When you’re running a consulting or advisory business, a handful of stellar retainer clients can change your life.
You can concentrate on producing big results without constantly chasing new clients or new projects.
You can hire associates and leverage your business.
Your banker takes your calls.
Or those same retainers can be the kiss of death.
Think broken promises (doesn’t everyone have at least one nightmare retainer story?), lost revenue, frustrated consultants and messy client relationships.
So should you really work on retainer?
Let’s start with this:
A retainer is a fixed monthly fee in exchange for a service. That service can be expressed as hours (effort), deliverables or results.
Many freelancers define their retainers in terms of hours—$2,500 a month for 10 hours—and discount their hourly rate in exchange for fixed revenue. FYI—this may work fine in the beginning to build your client base, but beware of tying yourself completely to exchanging hours for money.
Another option is to tie your retainer to deliverables—mini-projects that you can do on an ongoing or perhaps rotating basis. The marketing consultant who writes monthly blog posts or the technology wizard that monitors websites can create retainers tied to their production.
The holy grail for clients—when it’s almost impossible to say no to a retainer—is when you can tie it to a high-value result. That can look like outsourcing a worry (I’ll handle all your HR questions) to expediting strategy (I’ll train/coach your leadership team on this new technology).
Whether you should work on retainer depends on your business/revenue model, your sweet spot clients and the work you do that most moves the needle for them.
Start by looking at the clients where can you create win-win opportunities with some version of a retainer.
Once you’ve identified some possibilities, ask yourself these questions before pursuing it further with your client(s).
Is this someone I trust? Well-designed retainers will bring you closer to your client. To allow you the freedom to dig deeper and serve in ways that one-off projects or bill-by-the-hour arrangements rarely permit. So if your client has questionable ethics or is a slow payer or just not in your true sweet-spot, a retainer is a bad idea. It’s also not the place to experiment with a new client—earned mutual trust and respect is the price of admission.
What do I want to accomplish with this arrangement? Absolute clarity is your wisest option. Maybe your goal is to lock in a portion of your schedule (to give you freedom to experiment elsewhere) or have firm client commitments that allow you to hire the support you need to grow. Because retainer discussions can take off in a direction you might not anticipate, it’s vital to stay connected to your purpose.
What’s the right scope? Define the presenting issue from your client’s perspective. What vexing problems can you solve? Can you translate that into a line-of-sight set of bullet points that tie what they need to what you have to offer? It’s tempting to closely scope retainers—that’s where those banks of hours proposals come from—but sometimes opening up and being generous is the better way to build the relationship. Just work in a review process so both parties can adjust the work and/or fees as you build your experience together.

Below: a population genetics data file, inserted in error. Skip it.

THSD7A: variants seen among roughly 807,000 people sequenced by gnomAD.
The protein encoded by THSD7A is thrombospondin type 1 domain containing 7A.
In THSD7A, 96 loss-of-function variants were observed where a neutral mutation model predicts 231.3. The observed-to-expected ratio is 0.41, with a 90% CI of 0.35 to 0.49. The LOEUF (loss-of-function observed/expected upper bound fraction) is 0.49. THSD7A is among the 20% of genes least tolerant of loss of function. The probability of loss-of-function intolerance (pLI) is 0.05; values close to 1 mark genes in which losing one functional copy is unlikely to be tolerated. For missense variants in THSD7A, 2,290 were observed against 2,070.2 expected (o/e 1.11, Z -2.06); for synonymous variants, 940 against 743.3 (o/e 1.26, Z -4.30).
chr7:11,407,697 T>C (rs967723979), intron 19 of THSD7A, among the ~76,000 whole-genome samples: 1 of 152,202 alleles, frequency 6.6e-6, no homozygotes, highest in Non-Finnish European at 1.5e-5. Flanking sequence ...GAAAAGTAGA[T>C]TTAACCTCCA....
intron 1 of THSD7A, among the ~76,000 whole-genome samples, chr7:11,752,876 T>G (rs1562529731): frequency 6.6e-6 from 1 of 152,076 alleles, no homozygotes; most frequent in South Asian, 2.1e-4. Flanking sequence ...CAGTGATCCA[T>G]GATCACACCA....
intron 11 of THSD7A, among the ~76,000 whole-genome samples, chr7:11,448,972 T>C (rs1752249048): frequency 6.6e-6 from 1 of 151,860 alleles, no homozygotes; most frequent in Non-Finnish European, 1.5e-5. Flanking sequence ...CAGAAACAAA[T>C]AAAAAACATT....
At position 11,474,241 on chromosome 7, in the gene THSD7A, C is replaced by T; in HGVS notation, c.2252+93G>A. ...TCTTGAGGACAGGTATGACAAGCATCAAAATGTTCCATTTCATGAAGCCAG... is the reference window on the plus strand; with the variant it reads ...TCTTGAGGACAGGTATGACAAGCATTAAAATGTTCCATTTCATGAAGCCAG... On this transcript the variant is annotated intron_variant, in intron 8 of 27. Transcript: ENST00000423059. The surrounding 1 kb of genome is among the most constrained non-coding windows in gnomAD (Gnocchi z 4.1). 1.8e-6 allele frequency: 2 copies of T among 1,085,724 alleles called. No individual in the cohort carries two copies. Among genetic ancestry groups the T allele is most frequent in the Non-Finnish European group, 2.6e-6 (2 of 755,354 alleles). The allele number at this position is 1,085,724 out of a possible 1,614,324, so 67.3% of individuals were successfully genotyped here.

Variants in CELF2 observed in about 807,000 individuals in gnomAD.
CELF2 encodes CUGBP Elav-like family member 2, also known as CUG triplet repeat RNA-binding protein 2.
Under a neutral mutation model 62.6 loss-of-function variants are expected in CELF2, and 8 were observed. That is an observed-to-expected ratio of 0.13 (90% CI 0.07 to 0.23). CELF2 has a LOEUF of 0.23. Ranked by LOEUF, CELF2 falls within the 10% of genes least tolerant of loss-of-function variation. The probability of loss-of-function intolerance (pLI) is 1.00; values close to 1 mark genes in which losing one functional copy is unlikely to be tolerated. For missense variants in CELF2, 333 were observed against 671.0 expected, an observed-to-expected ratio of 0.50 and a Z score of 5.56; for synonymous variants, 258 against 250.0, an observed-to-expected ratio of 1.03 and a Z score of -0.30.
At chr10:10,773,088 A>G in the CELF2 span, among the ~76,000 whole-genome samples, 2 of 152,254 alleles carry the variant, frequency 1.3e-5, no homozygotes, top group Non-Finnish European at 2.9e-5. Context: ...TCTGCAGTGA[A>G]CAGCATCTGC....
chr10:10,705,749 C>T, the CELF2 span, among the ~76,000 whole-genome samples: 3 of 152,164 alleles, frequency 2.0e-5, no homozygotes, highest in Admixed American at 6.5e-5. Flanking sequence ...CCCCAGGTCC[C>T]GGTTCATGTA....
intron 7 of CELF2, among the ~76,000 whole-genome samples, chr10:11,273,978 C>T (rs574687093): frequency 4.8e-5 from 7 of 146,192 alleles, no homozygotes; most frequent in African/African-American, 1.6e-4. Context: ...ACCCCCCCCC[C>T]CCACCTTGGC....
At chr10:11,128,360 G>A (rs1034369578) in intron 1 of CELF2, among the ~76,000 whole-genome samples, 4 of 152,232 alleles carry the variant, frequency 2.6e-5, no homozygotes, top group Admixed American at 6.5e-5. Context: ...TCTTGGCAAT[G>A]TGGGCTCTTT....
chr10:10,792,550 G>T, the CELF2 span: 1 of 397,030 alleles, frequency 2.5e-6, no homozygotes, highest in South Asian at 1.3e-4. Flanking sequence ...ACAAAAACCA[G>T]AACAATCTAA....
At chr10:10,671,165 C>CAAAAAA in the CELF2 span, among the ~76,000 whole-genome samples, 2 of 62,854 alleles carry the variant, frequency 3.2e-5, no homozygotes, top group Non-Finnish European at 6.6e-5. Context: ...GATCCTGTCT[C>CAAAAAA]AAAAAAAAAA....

What do I need to make this work? Before you broach the topic with your client, be sure you know the boundaries of your own needs. If you’re promising to produce content for example, will you do it all yourself or will you need to contract some out? How much of your time will it take to review someone else’s work? Will your contractors work within the rates you’ve set and will your margin be sufficient to pay for your effort?
And finally, just a few more nuggets about setting up retainers.
- After your discussions with the client, put it all in writing, confirming your deal: deliverables, timing, result, payments, terms.
- Resist the temptation to build unreasonable (or downright scary) demands into the fine print. Like this one I was given recently: “The parties hereto hereby agree that during the term of this engagement and after the termination of this agreement, for a period of no less than 2 years, neither party [nor their employees, principals and managers] shall make any negative comments of any nature whatsoever, about the other party.” Yep, we took a pass.
- Give both parties a 30-day out clause. This allows you to exit gracefully if it’s not working and it gives you some notice if your client changes their mind.
- Consider if you’ll need to require advance scheduling notice for certain services.
- Track your time for each retainer, even if the agreement doesn’t revolve around it. Because you want to know how the terms are working for you at all times. And if you do build your deal around hours, never ever roll unused hours into the next month. That encourages sloppy practices—your goal is to keep engaged and active on the account.
- Build in quarterly reviews (at least). While projects have clear milestones, retainers can easily fall into a rut. Use the retainer as an excuse to discuss your progress on your client’s drivers.
Yes, retainers can work beautifully as a springboard to grow your business. Just craft them thoughtfully and tend to them carefully.
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